History of Editorial Cartoons/Background Knowledge
The first editorial cartoon was drawn by Benjamin Franklin, and appeared in the Pennsylvania Gazette on May 9, 1754. (Project “Join or Die” cartoon on screen).
Lead students in a brief discussion of what the cartoon might mean.
Explain that Franklin was concerned about France and Great Britain’s arguments about their landholdings in the Americas. Franklin saw the colonies as dangerously fragmented, and hoped, with the cartoon and an article, to convince colonists they would have great power if they united.
“The “Join or Die” snake does not fit any standard definition of a map. But many basic elements of a map arepresent. Perhaps the image has been best described at a “cartographic caricature,” or a map generalizing and exaggerating the American colonies’ most recognizable features—namely their locations and coastlines. The colonies are represented in geographic order, with the New England colonies at the head of the snake and South Carolina at its tail. [Note: The New England colonies are not listed individually and Georgia, oddly, does not appear at all.] The undulations of the snake’s body broadly suggest the curves of the North American east coast.”
—Source: Misty Belyeu, elementary school teacher, Auburn, Alabama;
How It’s Done
Explain to students that editorial cartoons throughout history have made use of similar techniques to get their points across. Among them are:
Symbolism: use of an object to stand for an idea
Caricature: exaggeration of a physical feature
Captioning and labels: for clarity and emphasis
Analogy: comparison of two unlike things that share some characteristics
Irony: the difference between the way things are and the way things should be, or the way things are expected to be
Juxtaposition: positioning people or objects near each other for effect
Exaggeration: overstating or magnifying a problem.
—Source: Steven Janover
Show any current political cartoon, and ask students to identify the elements above, and lead them in a discussion about each.
Discuss how editorial cartoons are different from other cartoons in the paper (usually come about because of an issue in the news; more for information than entertainment), and how they’re different from news articles (include a clear bias, as opposed to news articles, which should be entirely objective). While an article is intended to inform, the author’s purpose with an editorial cartoon is to influence opinion.
Model for them use of the Analyzing a Cartoon Worksheet.
To get them warmed up, if a computer is available, send students to a site such as American Association of Editorial Cartoonists, which has links to daily cartoons, cartoonists index, and cartoons sorted by topic, or have them search for cartoons on their own: Send students on a “cartoon webquest,” where they find five cartoons, and write down the URL of the cartoon, the cartoonist who created it, the topic, and a brief description of the cartoon. Other websites include: The Cartoonists Group, Go Comics, Daily Kos, Cagle Cartoons.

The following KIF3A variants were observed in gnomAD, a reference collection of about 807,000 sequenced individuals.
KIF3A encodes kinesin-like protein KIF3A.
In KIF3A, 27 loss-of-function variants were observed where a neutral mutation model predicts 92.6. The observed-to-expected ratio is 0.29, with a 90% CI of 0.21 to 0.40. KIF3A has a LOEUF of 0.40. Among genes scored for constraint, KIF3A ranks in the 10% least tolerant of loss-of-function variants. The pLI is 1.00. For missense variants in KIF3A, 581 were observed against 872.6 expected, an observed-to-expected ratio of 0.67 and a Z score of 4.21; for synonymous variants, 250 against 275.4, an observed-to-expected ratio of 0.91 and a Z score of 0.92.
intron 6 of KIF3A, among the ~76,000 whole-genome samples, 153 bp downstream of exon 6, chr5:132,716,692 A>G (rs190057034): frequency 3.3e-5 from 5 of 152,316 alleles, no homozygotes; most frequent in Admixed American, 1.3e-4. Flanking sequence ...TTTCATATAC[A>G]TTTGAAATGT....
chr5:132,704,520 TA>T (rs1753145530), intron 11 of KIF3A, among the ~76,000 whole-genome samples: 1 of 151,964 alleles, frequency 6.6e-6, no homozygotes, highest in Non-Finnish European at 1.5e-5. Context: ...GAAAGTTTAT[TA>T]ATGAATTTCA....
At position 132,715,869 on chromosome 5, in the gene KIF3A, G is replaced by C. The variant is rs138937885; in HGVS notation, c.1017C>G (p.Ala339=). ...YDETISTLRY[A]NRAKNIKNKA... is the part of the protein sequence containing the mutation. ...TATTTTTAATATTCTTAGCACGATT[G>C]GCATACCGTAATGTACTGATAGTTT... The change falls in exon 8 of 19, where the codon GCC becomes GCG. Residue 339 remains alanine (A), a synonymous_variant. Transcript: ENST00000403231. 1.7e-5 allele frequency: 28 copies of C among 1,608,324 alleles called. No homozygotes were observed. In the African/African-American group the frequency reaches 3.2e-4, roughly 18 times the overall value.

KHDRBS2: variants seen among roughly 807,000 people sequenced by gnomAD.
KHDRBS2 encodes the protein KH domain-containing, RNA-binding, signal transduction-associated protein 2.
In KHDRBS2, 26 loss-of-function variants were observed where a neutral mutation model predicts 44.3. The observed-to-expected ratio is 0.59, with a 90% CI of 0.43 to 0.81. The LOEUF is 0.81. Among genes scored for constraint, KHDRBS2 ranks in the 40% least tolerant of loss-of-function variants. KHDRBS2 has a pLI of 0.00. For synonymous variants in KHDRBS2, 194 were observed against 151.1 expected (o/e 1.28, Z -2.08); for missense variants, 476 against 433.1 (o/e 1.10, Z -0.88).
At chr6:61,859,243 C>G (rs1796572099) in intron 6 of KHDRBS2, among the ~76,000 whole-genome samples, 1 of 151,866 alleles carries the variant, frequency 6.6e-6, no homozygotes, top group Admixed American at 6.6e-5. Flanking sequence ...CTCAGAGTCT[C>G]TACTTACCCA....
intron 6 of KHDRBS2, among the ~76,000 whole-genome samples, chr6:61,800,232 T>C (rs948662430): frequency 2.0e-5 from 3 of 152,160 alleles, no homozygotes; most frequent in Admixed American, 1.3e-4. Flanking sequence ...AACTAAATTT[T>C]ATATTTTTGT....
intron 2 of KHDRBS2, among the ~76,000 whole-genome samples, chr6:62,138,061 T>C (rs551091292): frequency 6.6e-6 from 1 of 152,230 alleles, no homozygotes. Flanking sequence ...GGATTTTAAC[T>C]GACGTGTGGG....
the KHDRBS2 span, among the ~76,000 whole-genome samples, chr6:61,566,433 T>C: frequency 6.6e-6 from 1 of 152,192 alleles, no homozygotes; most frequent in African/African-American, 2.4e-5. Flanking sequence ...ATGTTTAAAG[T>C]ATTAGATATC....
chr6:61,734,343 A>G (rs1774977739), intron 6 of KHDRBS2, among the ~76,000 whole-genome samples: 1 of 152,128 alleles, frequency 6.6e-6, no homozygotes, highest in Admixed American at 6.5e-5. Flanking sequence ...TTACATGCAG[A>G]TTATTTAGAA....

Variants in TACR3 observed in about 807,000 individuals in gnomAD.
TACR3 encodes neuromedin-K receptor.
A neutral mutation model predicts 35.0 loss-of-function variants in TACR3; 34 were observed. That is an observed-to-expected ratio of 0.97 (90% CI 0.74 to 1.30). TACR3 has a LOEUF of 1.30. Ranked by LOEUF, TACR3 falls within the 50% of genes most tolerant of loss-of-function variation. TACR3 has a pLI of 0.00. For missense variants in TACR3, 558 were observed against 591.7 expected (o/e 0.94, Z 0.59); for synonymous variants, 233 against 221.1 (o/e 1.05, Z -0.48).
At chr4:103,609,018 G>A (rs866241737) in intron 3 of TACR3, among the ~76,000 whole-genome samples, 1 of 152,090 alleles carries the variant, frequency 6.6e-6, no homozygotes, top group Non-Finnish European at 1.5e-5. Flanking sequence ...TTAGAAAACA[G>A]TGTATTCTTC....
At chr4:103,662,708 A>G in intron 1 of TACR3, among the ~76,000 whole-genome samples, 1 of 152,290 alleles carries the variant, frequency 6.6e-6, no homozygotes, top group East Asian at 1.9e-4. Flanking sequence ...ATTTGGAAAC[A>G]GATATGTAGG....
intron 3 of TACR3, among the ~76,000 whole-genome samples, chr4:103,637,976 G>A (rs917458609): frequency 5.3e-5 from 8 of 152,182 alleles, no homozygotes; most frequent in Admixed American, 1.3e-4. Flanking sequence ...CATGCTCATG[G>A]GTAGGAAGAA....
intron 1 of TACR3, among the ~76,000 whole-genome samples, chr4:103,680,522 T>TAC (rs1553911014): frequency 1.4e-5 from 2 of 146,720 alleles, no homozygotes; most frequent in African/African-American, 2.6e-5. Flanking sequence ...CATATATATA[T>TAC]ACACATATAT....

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The DVD includes 5 lesson plans for teaching the topics that reflect Herb Block's passions - Education, Democracy, Civil Rights, the Presidency and Environment. The disk presents five exhibitions which bring to life many famous Herblock cartoons that punctuate American history from 1929 to the millennium. The lesson plans meet Language Arts standards from the National Council of Teachers of English and the National Curriculum Standards for Social Studies. (Lesson plans aligning with the Common Core should be available by 2015.)
About Herb Block
Herb Block is among the world’s best known and most admired political cartoonists. Born on October 13, 1909, the native Chicagoan spent his 72-year career fighting against abuses of the powerful.
The Herb Block Foundation is committed to defending the basic freedoms guaranteed all Americans, combating all forms of discrimination and prejudice and improving the conditions of the poor and underprivileged through the creation or support of charitable and educational programs with the same goals.
The Foundation is also committed to providing educational opportunity to deserving students through post-secondary education scholarships and to promoting editorial cartooning through continued research. All efforts of the Foundation shall be in keeping with the spirit of Herblock, America's great cartoonist in his life long fight against abuses by the powerful.